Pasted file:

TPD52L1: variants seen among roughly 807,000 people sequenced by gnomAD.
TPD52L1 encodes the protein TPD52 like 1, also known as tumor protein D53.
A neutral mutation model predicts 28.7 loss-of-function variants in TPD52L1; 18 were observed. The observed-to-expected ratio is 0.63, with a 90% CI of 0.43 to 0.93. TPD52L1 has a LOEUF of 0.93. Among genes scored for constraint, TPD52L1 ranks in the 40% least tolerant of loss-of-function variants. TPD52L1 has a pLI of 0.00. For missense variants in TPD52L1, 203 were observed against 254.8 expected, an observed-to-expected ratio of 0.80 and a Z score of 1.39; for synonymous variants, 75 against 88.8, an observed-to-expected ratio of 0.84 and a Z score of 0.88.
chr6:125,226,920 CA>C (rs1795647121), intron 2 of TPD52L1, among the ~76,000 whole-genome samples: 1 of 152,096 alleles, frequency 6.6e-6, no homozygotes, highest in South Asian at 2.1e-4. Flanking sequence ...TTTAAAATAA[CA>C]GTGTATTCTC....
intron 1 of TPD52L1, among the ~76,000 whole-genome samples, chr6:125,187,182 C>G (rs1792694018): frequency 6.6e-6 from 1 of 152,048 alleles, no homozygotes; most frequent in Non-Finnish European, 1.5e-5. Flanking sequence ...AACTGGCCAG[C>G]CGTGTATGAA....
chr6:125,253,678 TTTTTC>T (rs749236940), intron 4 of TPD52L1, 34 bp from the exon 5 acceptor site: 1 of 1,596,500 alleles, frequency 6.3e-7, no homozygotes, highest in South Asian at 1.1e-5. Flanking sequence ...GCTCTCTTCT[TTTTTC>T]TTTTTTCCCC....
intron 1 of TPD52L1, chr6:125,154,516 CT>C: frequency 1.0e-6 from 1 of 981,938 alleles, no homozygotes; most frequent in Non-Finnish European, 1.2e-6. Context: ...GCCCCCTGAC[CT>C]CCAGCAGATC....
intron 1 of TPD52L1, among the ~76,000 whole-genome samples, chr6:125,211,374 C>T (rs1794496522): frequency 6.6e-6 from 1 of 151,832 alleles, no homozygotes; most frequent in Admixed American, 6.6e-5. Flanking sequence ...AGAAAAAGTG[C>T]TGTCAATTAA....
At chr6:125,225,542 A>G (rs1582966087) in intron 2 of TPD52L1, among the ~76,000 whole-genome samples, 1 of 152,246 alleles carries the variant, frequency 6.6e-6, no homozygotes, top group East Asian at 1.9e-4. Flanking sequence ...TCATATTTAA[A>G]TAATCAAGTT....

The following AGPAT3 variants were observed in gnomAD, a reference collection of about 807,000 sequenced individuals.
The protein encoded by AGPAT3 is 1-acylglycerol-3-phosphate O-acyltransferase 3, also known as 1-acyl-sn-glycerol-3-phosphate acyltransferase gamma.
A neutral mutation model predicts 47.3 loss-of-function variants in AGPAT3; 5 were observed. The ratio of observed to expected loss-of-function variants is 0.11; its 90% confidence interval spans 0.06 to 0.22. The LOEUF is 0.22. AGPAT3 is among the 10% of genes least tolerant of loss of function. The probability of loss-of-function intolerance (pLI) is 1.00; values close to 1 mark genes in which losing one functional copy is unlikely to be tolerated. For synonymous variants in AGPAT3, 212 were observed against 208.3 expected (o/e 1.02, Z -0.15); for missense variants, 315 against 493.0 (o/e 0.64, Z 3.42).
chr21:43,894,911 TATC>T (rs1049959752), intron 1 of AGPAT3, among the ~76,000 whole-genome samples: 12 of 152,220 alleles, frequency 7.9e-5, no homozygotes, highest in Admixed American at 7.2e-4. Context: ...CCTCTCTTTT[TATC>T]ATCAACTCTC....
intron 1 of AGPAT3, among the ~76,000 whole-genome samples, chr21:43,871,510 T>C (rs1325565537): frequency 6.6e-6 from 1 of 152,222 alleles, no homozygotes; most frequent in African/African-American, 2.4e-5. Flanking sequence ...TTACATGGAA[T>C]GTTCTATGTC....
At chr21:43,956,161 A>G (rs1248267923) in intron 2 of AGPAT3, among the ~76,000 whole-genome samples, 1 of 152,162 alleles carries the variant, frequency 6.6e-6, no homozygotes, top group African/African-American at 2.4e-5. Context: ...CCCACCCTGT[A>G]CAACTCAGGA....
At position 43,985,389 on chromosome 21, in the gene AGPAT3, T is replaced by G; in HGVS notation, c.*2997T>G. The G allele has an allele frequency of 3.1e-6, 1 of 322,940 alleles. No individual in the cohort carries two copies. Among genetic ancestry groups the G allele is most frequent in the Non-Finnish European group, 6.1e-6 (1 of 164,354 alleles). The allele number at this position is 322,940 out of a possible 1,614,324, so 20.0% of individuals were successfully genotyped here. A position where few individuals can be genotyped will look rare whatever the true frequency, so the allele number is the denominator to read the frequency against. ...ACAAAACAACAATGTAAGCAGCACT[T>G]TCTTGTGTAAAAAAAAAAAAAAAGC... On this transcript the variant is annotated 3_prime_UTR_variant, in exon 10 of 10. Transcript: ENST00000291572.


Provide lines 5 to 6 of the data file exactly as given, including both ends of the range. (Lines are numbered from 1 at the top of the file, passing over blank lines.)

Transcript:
intron 1 of TPD52L1, among the ~76,000 whole-genome samples, chr6:125,187,182 C>G (rs1792694018): frequency 6.6e-6 from 1 of 152,048 alleles, no homozygotes; most frequent in Non-Finnish European, 1.5e-5. Flanking sequence ...AACTGGCCAG[C>G]CGTGTATGAA....
chr6:125,253,678 TTTTTC>T (rs749236940), intron 4 of TPD52L1, 34 bp from the exon 5 acceptor site: 1 of 1,596,500 alleles, frequency 6.3e-7, no homozygotes, highest in South Asian at 1.1e-5. Flanking sequence ...GCTCTCTTCT[TTTTTC>T]TTTTTTCCCC....